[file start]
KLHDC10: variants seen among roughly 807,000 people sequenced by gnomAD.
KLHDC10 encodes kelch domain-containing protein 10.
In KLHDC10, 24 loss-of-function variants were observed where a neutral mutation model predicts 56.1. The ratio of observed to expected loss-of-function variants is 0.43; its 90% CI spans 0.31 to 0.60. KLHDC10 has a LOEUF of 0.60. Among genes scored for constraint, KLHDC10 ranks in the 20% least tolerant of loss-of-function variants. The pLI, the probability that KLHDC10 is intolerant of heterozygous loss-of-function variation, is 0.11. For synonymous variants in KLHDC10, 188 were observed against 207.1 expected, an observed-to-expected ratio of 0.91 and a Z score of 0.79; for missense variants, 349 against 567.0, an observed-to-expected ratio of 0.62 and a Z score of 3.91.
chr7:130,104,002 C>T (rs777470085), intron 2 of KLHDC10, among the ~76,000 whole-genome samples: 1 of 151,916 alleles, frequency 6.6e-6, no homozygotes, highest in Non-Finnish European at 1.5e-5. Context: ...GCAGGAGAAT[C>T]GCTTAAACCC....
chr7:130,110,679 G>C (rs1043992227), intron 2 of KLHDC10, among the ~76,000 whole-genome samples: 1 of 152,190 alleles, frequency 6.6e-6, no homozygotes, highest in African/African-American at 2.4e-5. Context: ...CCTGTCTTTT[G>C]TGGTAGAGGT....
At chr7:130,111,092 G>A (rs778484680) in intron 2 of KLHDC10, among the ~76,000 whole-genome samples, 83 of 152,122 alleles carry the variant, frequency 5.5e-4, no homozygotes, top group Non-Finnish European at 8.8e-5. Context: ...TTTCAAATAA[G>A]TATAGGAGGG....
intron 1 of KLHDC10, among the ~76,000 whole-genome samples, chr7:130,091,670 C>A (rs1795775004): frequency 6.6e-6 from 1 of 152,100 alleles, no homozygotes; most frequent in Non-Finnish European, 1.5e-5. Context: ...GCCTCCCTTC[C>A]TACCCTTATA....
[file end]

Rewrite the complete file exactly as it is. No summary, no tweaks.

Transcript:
KLHDC10: variants seen among roughly 807,000 people sequenced by gnomAD.
KLHDC10 encodes kelch domain-containing protein 10.
In KLHDC10, 24 loss-of-function variants were observed where a neutral mutation model predicts 56.1. The ratio of observed to expected loss-of-function variants is 0.43; its 90% CI spans 0.31 to 0.60. KLHDC10 has a LOEUF of 0.60. Among genes scored for constraint, KLHDC10 ranks in the 20% least tolerant of loss-of-function variants. The pLI, the probability that KLHDC10 is intolerant of heterozygous loss-of-function variation, is 0.11. For synonymous variants in KLHDC10, 188 were observed against 207.1 expected, an observed-to-expected ratio of 0.91 and a Z score of 0.79; for missense variants, 349 against 567.0, an observed-to-expected ratio of 0.62 and a Z score of 3.91.
chr7:130,104,002 C>T (rs777470085), intron 2 of KLHDC10, among the ~76,000 whole-genome samples: 1 of 151,916 alleles, frequency 6.6e-6, no homozygotes, highest in Non-Finnish European at 1.5e-5. Context: ...GCAGGAGAAT[C>T]GCTTAAACCC....
chr7:130,110,679 G>C (rs1043992227), intron 2 of KLHDC10, among the ~76,000 whole-genome samples: 1 of 152,190 alleles, frequency 6.6e-6, no homozygotes, highest in African/African-American at 2.4e-5. Context: ...CCTGTCTTTT[G>C]TGGTAGAGGT....
At chr7:130,111,092 G>A (rs778484680) in intron 2 of KLHDC10, among the ~76,000 whole-genome samples, 83 of 152,122 alleles carry the variant, frequency 5.5e-4, no homozygotes, top group Non-Finnish European at 8.8e-5. Context: ...TTTCAAATAA[G>A]TATAGGAGGG....
intron 1 of KLHDC10, among the ~76,000 whole-genome samples, chr7:130,091,670 C>A (rs1795775004): frequency 6.6e-6 from 1 of 152,100 alleles, no homozygotes; most frequent in Non-Finnish European, 1.5e-5. Context: ...GCCTCCCTTC[C>A]TACCCTTATA....